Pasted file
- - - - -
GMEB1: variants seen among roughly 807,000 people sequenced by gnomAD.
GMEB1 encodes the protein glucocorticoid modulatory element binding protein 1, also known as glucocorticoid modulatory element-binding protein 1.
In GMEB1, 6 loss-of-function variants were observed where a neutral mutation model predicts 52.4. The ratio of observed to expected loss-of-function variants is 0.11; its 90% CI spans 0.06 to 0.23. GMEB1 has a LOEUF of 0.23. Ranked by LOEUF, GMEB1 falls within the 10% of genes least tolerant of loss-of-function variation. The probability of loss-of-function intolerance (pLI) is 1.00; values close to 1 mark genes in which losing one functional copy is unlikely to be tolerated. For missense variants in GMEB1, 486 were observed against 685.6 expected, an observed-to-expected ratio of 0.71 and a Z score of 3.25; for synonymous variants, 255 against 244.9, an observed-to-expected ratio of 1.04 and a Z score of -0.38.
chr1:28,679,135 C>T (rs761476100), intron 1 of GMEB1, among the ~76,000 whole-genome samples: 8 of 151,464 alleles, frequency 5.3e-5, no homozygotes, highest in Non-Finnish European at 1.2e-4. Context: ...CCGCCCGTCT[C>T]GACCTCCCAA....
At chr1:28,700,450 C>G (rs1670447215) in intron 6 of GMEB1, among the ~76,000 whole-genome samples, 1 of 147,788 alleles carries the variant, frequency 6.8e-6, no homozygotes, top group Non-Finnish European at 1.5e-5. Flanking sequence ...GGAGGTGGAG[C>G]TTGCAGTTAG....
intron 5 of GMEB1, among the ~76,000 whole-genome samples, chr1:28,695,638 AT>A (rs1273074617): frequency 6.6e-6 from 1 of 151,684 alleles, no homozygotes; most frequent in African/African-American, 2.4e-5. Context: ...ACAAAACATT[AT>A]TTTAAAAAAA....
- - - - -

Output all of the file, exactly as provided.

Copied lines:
GMEB1: variants seen among roughly 807,000 people sequenced by gnomAD.
GMEB1 encodes the protein glucocorticoid modulatory element binding protein 1, also known as glucocorticoid modulatory element-binding protein 1.
In GMEB1, 6 loss-of-function variants were observed where a neutral mutation model predicts 52.4. The ratio of observed to expected loss-of-function variants is 0.11; its 90% CI spans 0.06 to 0.23. GMEB1 has a LOEUF of 0.23. Ranked by LOEUF, GMEB1 falls within the 10% of genes least tolerant of loss-of-function variation. The probability of loss-of-function intolerance (pLI) is 1.00; values close to 1 mark genes in which losing one functional copy is unlikely to be tolerated. For missense variants in GMEB1, 486 were observed against 685.6 expected, an observed-to-expected ratio of 0.71 and a Z score of 3.25; for synonymous variants, 255 against 244.9, an observed-to-expected ratio of 1.04 and a Z score of -0.38.
chr1:28,679,135 C>T (rs761476100), intron 1 of GMEB1, among the ~76,000 whole-genome samples: 8 of 151,464 alleles, frequency 5.3e-5, no homozygotes, highest in Non-Finnish European at 1.2e-4. Context: ...CCGCCCGTCT[C>T]GACCTCCCAA....
At chr1:28,700,450 C>G (rs1670447215) in intron 6 of GMEB1, among the ~76,000 whole-genome samples, 1 of 147,788 alleles carries the variant, frequency 6.8e-6, no homozygotes, top group Non-Finnish European at 1.5e-5. Flanking sequence ...GGAGGTGGAG[C>G]TTGCAGTTAG....
intron 5 of GMEB1, among the ~76,000 whole-genome samples, chr1:28,695,638 AT>A (rs1273074617): frequency 6.6e-6 from 1 of 151,684 alleles, no homozygotes; most frequent in African/African-American, 2.4e-5. Context: ...ACAAAACATT[AT>A]TTTAAAAAAA....